Lana Marks: The US and South Africa are stronger together

By Lana Marks

As the senior US diplomat in South Africa, and as a determined businesswoman myself, I will especially strive to help more women to achieve their professional goals, including reaching senior levels of management, writes Lana Marks.

As a young girl growing up in East London, and as a young woman starting a small business from my kitchen table in Miami, little did I imagine that the road ahead would one day lead me here – to drafting my first message as the Ambassador-designate to the country of my birth. 

Throughout my journey from East London to America’s East Coast, I have always retained my love for South Africa. In 1994, watching from my home in the United States, I was filled with great pride and emotion as South Africa, the country of my birth, elected Nelson Mandela as its president. The peaceful transition, after the brutal era of apartheid, inspired the world – and continues to inspire me today.

Twenty-five years after Madiba’s election, I return to South Africa after accepting the honour of a lifetime: to represent the United States as the Ambassador to the Republic of South Africa. I return as a public servant, determined to ensure that the United States helps facilitate a brighter future for all South Africans.

There are deep, long-standing ties of affection that bind the people of the United States and South Africa together. The tremendous victory of the Springboks in the Rugby World Cup – and especially the powerful message of unity and determination spoken by the team’s remarkable captain, Siya Kolisi – was an inspiration not just to South Africans, but to Americans as well. As such, I would like to borrow a theme from that historic weekend: the United States and South Africa, indeed, are stronger together.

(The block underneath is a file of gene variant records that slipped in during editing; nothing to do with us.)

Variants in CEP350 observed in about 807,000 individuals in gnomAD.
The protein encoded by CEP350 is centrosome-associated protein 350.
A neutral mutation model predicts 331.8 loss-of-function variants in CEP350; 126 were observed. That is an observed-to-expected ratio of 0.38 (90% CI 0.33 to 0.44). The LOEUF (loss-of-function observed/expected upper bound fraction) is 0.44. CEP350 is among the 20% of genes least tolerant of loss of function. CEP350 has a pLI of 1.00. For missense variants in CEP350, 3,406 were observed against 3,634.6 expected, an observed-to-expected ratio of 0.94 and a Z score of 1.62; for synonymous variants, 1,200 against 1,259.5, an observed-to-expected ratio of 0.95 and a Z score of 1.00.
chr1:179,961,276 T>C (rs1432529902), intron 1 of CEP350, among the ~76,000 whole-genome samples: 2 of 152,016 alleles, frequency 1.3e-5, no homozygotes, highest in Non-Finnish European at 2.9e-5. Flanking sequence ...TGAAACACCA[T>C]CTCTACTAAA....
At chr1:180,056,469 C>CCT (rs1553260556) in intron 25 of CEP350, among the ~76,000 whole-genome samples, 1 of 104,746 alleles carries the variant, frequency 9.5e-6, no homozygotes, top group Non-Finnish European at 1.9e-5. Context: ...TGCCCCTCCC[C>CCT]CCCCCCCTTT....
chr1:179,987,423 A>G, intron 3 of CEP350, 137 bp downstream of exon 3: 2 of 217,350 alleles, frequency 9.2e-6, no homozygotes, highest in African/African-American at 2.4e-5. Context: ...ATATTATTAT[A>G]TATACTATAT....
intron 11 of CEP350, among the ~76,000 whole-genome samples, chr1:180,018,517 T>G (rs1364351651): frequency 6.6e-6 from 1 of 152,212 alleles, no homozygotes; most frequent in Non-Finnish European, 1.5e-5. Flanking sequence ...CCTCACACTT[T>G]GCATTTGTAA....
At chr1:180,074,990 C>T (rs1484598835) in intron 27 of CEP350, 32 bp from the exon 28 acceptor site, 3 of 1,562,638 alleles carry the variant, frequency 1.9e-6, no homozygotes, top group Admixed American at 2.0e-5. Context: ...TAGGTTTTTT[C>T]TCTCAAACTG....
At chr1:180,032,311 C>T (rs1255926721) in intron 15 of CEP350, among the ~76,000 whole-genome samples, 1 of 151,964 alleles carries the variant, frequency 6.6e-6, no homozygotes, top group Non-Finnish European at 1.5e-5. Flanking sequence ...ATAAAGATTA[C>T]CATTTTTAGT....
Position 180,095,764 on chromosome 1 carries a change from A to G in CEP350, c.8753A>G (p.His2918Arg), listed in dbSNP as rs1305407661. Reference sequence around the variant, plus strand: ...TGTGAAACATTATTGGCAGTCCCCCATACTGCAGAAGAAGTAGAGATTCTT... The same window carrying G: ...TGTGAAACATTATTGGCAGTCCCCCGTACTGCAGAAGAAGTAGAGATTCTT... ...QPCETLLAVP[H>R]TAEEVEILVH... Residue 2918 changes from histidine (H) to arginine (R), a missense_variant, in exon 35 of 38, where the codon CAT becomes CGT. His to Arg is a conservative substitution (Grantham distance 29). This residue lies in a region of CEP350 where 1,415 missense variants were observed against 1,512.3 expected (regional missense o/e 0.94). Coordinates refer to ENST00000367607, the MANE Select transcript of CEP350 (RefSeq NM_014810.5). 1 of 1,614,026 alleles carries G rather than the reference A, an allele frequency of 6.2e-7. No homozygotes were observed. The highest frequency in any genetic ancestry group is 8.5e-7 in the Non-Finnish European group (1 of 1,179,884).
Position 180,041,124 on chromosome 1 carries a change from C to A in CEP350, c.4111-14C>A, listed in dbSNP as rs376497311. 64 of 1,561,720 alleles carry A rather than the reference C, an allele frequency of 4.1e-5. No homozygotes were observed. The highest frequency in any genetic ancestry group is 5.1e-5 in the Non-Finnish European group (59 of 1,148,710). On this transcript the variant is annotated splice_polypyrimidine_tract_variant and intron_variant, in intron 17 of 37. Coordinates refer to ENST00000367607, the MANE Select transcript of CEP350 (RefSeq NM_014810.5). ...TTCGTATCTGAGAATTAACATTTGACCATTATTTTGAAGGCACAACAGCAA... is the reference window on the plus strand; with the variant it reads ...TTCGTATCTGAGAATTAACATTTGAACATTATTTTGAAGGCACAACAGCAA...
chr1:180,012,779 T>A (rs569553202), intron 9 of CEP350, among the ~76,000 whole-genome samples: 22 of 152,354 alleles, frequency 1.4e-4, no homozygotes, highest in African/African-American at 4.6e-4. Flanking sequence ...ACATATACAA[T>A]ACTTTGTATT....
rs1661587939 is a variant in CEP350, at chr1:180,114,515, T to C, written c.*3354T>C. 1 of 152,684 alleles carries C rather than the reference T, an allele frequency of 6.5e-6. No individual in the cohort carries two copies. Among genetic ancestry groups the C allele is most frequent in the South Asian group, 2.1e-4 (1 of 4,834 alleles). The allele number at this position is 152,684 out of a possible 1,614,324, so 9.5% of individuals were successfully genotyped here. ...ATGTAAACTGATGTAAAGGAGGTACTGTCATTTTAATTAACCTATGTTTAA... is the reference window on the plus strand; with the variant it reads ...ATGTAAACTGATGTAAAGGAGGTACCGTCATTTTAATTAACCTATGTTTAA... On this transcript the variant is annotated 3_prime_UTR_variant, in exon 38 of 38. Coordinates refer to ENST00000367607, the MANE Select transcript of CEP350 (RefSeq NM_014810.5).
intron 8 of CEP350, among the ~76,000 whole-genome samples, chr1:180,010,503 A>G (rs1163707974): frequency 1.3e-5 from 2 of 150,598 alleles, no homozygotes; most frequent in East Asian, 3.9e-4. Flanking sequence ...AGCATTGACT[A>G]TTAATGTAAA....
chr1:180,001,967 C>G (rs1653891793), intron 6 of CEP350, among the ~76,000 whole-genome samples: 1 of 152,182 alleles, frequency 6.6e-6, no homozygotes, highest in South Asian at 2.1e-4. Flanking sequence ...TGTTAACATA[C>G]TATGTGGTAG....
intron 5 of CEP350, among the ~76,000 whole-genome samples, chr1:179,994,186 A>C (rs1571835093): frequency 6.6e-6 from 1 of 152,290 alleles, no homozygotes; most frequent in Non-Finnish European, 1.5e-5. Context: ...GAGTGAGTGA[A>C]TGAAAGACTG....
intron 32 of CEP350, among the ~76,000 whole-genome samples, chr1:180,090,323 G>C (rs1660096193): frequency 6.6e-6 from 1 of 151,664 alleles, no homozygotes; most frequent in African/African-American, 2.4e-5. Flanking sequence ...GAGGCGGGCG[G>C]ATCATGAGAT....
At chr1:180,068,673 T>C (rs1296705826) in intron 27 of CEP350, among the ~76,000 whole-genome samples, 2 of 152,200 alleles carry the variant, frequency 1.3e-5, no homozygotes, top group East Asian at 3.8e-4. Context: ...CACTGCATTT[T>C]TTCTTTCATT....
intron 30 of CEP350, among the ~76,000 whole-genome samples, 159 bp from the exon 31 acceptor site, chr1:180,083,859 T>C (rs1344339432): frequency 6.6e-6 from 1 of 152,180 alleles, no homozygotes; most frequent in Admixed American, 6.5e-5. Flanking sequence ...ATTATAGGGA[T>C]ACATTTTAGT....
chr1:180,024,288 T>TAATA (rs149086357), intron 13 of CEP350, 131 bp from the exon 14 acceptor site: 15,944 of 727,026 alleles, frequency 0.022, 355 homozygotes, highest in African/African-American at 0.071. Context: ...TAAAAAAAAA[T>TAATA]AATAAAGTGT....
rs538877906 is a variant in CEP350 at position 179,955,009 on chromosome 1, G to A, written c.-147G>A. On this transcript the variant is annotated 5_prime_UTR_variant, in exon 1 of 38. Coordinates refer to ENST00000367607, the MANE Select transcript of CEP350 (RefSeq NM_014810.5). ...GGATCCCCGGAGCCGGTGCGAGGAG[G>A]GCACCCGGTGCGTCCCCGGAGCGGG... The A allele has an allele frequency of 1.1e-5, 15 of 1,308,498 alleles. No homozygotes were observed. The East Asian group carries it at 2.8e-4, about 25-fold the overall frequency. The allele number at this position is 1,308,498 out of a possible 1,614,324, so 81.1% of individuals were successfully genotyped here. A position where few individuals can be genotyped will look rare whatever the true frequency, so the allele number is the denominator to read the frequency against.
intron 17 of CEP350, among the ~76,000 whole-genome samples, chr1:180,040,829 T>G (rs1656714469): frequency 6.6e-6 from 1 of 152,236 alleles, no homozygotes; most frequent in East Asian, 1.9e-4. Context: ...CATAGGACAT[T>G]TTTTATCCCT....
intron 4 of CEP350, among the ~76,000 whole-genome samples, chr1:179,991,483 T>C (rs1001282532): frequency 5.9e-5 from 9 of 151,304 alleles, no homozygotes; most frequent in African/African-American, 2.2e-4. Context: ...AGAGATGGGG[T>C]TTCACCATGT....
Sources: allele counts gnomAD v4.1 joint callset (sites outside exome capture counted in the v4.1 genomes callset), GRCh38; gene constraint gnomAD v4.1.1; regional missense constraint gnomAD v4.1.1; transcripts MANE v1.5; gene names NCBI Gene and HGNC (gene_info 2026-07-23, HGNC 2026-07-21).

In this spirit, I wish to foster a new era of engagement between our two countries from the outset. I am here to facilitate, in any way I can, this dialogue. From boardrooms to classrooms, agricultural fields to athletic fields, business councils to the UN Security Council, and from the White House to the Union Buildings, our governments, businesses, and people share a robust partnership. Drawing on my knowledge of both countries, and the skills I have developed as an entrepreneur, business leader, and mentor across the globe, my aim as US Ambassador is to grow and strengthen this partnership. I commit to doing my utmost in my new role to bring our people even closer together for the mutual benefit of the citizens of both countries.

And I hope that this partnership will extend beyond government. I look forward to visiting your towns and villages, from Durban to the Drakensberg, from Soweto to Port Elizabeth. I spent 22 years living in this beautiful country, and have spoken three of the 11 official languages – though my isiXhosa is rusty. I want to hear from South African and American businesses, universities, and organisations about their ideas for how to expand these efforts and create new avenues for partnership that will build the next generation of leaders, and create jobs for young South Africans.

Since my swearing-in last month, I have been back and forth to Washington DC, immersed in dozens of briefings and consultations. I am happy to report that in each of these meetings, the common thread was the enthusiasm, if not unbridled excitement, for the road ahead.